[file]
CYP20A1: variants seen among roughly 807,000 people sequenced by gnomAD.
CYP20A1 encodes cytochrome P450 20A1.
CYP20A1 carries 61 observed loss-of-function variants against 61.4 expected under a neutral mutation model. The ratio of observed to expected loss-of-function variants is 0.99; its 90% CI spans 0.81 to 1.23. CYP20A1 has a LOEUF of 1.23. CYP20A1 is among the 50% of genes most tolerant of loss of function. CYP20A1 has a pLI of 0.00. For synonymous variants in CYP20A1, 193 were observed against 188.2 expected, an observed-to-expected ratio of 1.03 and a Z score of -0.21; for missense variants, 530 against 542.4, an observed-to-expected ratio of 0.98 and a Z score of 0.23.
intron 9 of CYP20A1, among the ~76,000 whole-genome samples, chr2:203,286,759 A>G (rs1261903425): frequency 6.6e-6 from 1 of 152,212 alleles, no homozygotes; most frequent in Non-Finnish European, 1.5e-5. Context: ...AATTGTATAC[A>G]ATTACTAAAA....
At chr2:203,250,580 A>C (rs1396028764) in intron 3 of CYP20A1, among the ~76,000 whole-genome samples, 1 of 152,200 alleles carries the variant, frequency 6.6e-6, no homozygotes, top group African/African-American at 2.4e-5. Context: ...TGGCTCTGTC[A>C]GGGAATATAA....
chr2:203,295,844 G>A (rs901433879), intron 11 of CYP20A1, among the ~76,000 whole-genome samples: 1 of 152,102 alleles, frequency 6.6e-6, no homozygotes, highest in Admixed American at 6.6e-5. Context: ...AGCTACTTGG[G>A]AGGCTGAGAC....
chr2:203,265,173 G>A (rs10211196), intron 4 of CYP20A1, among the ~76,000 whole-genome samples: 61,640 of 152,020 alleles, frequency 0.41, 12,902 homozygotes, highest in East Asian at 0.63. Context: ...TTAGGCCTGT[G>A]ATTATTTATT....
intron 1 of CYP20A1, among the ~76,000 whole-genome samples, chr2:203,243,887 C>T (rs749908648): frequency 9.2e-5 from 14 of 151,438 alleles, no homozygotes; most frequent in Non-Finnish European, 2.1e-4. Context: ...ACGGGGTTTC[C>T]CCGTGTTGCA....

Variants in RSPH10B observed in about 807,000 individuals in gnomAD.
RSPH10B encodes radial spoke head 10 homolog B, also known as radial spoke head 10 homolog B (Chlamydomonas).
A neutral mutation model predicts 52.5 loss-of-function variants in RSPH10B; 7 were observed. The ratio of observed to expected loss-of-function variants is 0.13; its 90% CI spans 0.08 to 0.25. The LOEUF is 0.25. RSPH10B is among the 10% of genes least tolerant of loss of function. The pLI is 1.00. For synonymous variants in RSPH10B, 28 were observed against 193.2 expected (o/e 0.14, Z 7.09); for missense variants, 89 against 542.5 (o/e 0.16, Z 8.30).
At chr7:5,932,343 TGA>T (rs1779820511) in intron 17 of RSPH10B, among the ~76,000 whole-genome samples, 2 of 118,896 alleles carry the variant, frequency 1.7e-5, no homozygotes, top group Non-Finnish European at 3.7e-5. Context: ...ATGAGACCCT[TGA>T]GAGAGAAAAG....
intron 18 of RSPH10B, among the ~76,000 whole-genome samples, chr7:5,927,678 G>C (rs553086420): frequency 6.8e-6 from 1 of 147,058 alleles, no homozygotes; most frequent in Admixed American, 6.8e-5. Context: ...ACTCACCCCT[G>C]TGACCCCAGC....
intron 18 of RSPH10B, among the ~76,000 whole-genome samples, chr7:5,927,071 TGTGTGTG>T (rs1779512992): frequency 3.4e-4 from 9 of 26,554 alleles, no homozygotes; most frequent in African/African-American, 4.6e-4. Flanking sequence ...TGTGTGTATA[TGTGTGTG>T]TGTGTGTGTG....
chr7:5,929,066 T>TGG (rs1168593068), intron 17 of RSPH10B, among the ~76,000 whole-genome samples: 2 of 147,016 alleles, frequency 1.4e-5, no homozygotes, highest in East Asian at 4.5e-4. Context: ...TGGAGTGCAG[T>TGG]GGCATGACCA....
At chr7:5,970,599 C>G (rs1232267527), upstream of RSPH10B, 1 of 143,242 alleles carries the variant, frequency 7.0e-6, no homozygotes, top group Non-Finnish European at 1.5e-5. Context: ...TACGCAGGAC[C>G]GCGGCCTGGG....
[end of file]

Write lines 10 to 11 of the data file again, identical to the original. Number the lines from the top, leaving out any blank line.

RSPH10B encodes radial spoke head 10 homolog B, also known as radial spoke head 10 homolog B (Chlamydomonas).
A neutral mutation model predicts 52.5 loss-of-function variants in RSPH10B; 7 were observed. The ratio of observed to expected loss-of-function variants is 0.13; its 90% CI spans 0.08 to 0.25. The LOEUF is 0.25. RSPH10B is among the 10% of genes least tolerant of loss of function. The pLI is 1.00. For synonymous variants in RSPH10B, 28 were observed against 193.2 expected (o/e 0.14, Z 7.09); for missense variants, 89 against 542.5 (o/e 0.16, Z 8.30).